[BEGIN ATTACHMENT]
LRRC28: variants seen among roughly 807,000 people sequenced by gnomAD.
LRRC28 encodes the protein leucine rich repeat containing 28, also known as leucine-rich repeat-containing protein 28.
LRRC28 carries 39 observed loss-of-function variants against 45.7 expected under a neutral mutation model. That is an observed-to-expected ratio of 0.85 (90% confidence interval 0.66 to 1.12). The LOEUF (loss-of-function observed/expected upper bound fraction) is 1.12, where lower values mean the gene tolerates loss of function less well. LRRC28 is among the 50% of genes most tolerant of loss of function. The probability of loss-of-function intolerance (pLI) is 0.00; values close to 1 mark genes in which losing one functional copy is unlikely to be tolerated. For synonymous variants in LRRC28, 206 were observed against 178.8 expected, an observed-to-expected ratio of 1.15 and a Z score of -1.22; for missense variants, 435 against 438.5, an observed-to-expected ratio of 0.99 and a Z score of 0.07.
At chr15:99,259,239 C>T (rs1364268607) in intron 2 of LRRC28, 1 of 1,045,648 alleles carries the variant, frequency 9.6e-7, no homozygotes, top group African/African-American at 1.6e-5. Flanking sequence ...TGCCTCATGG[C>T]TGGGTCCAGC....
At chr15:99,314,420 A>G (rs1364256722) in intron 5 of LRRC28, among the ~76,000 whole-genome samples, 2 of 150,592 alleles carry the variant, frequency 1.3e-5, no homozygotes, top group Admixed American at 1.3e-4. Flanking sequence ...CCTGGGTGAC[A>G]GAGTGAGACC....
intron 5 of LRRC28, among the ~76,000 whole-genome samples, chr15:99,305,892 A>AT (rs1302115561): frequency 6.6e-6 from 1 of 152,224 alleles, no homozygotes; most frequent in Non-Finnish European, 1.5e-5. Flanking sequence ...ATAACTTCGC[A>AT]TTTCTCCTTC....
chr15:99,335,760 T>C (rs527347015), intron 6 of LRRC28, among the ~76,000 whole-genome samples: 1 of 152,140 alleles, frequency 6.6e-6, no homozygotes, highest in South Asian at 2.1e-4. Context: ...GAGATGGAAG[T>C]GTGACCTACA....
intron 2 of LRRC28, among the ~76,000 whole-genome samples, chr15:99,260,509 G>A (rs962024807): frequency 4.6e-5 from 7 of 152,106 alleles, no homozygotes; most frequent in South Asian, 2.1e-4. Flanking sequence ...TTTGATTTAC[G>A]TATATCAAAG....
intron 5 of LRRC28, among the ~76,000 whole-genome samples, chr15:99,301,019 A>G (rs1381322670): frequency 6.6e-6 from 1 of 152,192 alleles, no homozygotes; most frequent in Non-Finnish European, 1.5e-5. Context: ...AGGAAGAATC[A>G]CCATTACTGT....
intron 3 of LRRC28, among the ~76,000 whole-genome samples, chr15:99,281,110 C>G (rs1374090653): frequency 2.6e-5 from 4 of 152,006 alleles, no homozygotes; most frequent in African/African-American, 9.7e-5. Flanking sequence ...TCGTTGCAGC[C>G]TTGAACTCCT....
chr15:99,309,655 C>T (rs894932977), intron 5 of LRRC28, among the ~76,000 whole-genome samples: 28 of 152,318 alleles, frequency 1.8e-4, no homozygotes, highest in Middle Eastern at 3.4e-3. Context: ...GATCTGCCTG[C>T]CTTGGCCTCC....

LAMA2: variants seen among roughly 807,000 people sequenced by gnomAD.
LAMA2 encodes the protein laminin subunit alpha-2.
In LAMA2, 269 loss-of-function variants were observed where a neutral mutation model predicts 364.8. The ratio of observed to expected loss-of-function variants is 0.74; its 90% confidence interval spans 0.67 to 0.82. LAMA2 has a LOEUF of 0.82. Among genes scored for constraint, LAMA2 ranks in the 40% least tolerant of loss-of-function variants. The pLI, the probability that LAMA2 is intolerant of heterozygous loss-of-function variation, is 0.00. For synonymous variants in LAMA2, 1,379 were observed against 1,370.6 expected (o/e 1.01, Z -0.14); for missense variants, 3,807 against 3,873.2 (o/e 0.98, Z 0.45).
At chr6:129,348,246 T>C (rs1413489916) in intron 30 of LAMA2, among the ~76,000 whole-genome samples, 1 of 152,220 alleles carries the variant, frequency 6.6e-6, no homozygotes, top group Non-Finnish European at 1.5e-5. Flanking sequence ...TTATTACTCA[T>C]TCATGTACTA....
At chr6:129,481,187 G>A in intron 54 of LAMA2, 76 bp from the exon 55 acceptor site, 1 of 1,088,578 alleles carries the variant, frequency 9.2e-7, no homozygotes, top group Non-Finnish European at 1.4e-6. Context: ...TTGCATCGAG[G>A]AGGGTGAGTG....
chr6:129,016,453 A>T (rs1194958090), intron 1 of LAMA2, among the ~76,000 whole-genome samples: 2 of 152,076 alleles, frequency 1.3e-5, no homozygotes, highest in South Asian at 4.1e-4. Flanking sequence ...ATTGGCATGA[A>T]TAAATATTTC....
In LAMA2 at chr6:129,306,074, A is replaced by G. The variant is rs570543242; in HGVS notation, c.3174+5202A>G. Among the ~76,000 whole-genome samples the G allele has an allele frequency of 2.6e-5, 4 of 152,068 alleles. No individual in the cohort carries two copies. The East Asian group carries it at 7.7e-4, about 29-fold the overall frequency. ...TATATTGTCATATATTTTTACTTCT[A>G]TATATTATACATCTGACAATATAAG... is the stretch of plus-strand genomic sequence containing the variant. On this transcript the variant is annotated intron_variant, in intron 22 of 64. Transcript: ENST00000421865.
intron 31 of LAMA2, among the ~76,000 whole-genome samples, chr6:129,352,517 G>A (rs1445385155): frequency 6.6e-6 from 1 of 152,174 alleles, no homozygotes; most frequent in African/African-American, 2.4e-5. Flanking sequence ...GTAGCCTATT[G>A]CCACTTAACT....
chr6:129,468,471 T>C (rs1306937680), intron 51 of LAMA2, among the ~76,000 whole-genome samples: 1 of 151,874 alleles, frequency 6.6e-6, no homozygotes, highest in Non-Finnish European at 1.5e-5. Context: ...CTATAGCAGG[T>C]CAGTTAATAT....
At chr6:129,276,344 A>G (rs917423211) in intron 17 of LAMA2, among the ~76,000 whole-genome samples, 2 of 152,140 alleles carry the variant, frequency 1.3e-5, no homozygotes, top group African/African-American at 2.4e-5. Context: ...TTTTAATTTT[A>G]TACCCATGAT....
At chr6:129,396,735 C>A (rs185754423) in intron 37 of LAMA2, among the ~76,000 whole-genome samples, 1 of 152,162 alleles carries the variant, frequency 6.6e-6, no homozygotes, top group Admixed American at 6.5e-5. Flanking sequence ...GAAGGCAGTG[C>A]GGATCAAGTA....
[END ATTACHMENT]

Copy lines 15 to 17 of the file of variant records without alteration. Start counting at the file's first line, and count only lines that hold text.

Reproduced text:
At chr6:129,348,246 T>C (rs1413489916) in intron 30 of LAMA2, among the ~76,000 whole-genome samples, 1 of 152,220 alleles carries the variant, frequency 6.6e-6, no homozygotes, top group Non-Finnish European at 1.5e-5. Flanking sequence ...TTATTACTCA[T>C]TCATGTACTA....
At chr6:129,481,187 G>A in intron 54 of LAMA2, 76 bp from the exon 55 acceptor site, 1 of 1,088,578 alleles carries the variant, frequency 9.2e-7, no homozygotes, top group Non-Finnish European at 1.4e-6. Context: ...TTGCATCGAG[G>A]AGGGTGAGTG....
chr6:129,016,453 A>T (rs1194958090), intron 1 of LAMA2, among the ~76,000 whole-genome samples: 2 of 152,076 alleles, frequency 1.3e-5, no homozygotes, highest in South Asian at 4.1e-4. Flanking sequence ...ATTGGCATGA[A>T]TAAATATTTC....